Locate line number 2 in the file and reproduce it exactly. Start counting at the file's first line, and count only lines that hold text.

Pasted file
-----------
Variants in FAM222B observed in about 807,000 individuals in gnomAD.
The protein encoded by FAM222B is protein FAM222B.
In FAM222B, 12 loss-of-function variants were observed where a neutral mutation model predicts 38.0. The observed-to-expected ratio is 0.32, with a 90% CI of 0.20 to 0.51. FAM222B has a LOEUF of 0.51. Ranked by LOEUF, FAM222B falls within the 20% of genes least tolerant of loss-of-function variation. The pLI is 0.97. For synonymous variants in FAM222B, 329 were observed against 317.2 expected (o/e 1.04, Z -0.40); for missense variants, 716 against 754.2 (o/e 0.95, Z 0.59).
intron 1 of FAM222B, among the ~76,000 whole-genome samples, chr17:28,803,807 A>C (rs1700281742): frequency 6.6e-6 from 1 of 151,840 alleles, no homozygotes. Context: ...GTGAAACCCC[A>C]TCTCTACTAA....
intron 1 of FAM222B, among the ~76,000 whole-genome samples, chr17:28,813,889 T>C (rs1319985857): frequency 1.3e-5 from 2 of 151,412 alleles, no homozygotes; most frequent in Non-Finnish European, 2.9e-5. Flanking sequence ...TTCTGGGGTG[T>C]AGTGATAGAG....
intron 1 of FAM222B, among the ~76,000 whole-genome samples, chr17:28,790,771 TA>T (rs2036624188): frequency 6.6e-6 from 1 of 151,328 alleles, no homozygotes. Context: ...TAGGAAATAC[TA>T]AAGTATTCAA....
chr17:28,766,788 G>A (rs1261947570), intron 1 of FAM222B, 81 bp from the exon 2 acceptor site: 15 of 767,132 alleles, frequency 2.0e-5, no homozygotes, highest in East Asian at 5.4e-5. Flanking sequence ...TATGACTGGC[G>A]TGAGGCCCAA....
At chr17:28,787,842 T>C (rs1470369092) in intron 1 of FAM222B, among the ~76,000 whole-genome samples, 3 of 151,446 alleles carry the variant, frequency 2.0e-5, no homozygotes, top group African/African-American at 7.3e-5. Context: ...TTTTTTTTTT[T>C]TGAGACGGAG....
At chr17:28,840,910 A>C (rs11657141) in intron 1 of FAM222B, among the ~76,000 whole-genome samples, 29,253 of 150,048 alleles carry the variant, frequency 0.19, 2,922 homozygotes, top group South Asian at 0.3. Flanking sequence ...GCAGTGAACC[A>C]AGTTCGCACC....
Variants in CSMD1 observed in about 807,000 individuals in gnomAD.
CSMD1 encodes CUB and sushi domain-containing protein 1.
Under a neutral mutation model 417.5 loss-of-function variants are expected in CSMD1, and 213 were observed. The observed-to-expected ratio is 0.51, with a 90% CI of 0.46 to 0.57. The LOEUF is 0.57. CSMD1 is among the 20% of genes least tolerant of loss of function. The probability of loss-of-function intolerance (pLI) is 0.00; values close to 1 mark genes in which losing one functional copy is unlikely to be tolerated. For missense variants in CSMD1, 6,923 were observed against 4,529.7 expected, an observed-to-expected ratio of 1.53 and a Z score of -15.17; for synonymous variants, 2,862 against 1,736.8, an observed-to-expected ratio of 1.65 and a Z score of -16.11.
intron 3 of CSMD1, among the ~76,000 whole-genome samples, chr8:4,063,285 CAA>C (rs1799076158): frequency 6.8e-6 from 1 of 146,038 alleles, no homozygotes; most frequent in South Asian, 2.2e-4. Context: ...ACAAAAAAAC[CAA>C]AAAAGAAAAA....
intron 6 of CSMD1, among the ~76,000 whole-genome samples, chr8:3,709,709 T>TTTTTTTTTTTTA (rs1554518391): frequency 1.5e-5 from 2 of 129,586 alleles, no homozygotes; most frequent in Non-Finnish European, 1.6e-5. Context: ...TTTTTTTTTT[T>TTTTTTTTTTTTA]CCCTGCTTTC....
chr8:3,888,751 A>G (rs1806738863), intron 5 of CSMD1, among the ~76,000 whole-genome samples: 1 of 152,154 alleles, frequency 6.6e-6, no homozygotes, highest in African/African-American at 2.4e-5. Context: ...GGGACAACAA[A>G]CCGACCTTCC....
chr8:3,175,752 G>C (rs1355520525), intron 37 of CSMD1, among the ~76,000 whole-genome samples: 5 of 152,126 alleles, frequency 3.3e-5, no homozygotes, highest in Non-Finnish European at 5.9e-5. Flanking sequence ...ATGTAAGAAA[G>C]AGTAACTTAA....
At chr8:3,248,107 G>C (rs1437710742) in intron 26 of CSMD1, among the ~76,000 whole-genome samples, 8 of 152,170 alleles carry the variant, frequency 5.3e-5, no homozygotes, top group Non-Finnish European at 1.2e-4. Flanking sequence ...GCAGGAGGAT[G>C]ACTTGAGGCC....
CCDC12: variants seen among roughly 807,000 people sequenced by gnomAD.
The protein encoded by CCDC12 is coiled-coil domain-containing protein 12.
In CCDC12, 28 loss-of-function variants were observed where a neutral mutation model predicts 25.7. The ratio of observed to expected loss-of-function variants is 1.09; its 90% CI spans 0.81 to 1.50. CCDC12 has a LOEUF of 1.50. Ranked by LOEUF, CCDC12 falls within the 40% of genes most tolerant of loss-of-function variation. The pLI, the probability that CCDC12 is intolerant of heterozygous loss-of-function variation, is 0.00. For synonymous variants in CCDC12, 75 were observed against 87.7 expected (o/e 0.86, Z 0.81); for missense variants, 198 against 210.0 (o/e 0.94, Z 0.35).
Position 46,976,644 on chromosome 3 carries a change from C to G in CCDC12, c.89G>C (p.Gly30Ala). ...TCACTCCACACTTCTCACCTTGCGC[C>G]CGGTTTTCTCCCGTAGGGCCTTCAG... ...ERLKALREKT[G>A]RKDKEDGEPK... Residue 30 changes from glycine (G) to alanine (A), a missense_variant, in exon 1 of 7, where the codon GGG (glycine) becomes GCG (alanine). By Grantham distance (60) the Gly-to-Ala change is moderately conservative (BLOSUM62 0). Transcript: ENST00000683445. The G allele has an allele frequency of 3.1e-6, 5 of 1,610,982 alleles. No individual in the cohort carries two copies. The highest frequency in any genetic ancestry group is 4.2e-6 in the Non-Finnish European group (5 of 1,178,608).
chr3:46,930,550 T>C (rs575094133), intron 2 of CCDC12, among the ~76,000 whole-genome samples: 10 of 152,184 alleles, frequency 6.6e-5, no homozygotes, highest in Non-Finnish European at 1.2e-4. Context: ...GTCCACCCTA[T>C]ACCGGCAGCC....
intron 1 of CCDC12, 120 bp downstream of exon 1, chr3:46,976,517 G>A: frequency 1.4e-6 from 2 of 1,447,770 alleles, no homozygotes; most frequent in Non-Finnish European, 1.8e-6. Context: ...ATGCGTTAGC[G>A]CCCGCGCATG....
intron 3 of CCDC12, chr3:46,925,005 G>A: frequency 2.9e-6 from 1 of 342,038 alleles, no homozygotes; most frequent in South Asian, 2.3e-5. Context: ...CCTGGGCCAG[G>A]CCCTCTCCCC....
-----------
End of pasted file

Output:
The protein encoded by FAM222B is protein FAM222B.